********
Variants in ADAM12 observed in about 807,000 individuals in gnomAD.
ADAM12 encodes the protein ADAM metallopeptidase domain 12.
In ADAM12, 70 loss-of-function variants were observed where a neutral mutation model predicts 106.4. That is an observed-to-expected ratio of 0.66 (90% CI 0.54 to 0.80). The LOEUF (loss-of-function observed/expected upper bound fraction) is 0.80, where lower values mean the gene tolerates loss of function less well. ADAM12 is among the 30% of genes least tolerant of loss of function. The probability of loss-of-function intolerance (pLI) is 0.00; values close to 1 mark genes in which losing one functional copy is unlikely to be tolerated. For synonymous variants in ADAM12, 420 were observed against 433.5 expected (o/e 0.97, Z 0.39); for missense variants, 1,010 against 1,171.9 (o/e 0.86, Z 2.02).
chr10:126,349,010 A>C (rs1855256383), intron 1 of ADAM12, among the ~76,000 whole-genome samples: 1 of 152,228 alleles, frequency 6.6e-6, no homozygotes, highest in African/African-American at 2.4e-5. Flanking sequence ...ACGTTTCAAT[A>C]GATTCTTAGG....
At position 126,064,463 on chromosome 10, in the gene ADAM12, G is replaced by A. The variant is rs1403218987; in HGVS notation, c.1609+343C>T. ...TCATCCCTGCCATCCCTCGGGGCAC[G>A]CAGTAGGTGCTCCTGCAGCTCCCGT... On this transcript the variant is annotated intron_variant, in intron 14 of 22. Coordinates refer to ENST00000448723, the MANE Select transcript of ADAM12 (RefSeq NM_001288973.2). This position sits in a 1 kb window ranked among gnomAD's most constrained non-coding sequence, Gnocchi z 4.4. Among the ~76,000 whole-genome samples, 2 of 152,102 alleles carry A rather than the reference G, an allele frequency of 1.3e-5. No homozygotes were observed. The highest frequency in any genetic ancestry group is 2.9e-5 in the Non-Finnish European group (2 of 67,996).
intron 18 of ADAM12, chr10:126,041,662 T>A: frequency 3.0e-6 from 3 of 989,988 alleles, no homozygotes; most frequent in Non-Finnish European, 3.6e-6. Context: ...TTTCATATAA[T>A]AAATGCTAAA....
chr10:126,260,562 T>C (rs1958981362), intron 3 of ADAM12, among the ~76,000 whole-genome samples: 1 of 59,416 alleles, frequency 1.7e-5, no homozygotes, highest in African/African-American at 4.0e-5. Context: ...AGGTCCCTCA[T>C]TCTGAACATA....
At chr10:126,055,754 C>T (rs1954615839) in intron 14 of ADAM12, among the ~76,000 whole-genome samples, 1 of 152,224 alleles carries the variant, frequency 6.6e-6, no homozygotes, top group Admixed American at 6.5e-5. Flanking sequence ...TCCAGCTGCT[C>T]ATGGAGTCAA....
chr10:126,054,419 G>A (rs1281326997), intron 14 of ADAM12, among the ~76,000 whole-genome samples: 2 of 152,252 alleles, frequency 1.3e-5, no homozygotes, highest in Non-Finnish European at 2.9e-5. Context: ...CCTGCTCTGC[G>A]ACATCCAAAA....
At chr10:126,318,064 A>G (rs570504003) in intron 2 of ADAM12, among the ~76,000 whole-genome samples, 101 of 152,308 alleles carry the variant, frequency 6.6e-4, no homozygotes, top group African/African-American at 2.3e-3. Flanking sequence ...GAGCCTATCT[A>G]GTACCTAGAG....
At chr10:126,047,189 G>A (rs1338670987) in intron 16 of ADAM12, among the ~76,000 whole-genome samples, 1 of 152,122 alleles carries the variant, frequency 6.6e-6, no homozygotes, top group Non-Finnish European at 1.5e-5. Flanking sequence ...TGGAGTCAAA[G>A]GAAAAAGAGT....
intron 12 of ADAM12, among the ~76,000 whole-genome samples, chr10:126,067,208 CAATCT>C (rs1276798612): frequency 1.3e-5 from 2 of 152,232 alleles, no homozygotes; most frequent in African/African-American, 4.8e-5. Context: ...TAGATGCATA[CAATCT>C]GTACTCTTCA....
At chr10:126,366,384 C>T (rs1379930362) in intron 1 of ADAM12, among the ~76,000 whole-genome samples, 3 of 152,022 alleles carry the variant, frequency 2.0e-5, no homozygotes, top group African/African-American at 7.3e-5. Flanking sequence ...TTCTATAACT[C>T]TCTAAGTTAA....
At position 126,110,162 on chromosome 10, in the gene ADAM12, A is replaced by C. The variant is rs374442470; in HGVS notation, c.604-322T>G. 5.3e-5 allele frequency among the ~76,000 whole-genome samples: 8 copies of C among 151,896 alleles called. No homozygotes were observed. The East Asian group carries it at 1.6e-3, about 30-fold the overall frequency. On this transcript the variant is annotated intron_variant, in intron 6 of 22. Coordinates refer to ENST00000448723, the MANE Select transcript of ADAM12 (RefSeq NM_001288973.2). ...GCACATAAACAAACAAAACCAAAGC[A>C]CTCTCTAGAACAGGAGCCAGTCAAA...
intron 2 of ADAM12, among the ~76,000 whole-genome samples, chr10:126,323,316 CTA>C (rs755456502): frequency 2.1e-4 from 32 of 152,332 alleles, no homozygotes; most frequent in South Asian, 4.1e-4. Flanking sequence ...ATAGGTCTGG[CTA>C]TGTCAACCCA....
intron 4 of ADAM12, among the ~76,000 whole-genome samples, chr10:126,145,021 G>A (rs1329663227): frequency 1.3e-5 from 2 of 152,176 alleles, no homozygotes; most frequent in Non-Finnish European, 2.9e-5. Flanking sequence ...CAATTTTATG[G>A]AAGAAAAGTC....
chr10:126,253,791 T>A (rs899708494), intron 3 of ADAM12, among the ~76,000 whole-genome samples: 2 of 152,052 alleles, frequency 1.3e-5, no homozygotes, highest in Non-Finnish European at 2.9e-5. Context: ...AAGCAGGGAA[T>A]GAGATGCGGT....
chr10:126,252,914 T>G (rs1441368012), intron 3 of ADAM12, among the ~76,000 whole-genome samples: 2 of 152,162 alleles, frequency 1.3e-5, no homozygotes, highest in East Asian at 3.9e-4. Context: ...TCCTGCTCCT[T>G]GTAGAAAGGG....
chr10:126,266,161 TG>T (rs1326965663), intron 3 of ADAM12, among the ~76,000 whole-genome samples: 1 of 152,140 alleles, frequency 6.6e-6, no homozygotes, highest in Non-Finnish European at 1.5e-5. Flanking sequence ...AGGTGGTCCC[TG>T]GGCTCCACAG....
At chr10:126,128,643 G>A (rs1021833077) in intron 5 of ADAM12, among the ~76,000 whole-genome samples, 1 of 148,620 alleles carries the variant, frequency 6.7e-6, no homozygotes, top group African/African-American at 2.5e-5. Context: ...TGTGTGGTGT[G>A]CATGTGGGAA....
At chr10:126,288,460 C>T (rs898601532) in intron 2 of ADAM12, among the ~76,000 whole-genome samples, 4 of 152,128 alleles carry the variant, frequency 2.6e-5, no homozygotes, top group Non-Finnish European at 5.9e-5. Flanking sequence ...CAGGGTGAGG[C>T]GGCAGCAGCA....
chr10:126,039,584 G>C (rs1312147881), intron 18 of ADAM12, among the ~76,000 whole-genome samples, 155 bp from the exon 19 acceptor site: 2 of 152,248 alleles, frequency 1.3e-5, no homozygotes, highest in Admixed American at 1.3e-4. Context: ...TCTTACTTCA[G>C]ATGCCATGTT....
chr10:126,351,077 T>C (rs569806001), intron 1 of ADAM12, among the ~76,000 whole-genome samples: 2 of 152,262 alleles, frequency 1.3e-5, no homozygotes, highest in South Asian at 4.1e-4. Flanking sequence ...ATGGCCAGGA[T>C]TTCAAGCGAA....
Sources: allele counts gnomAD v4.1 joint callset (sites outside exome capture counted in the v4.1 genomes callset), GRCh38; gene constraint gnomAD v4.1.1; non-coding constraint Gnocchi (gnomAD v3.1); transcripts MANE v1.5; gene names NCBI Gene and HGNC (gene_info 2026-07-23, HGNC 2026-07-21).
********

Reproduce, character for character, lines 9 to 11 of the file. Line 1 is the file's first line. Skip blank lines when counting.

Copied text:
chr10:126,054,419 G>A (rs1281326997), intron 14 of ADAM12, among the ~76,000 whole-genome samples: 2 of 152,252 alleles, frequency 1.3e-5, no homozygotes, highest in Non-Finnish European at 2.9e-5. Context: ...CCTGCTCTGC[G>A]ACATCCAAAA....
At chr10:126,318,064 A>G (rs570504003) in intron 2 of ADAM12, among the ~76,000 whole-genome samples, 101 of 152,308 alleles carry the variant, frequency 6.6e-4, no homozygotes, top group African/African-American at 2.3e-3. Flanking sequence ...GAGCCTATCT[A>G]GTACCTAGAG....
At chr10:126,047,189 G>A (rs1338670987) in intron 16 of ADAM12, among the ~76,000 whole-genome samples, 1 of 152,122 alleles carries the variant, frequency 6.6e-6, no homozygotes, top group Non-Finnish European at 1.5e-5. Flanking sequence ...TGGAGTCAAA[G>A]GAAAAAGAGT....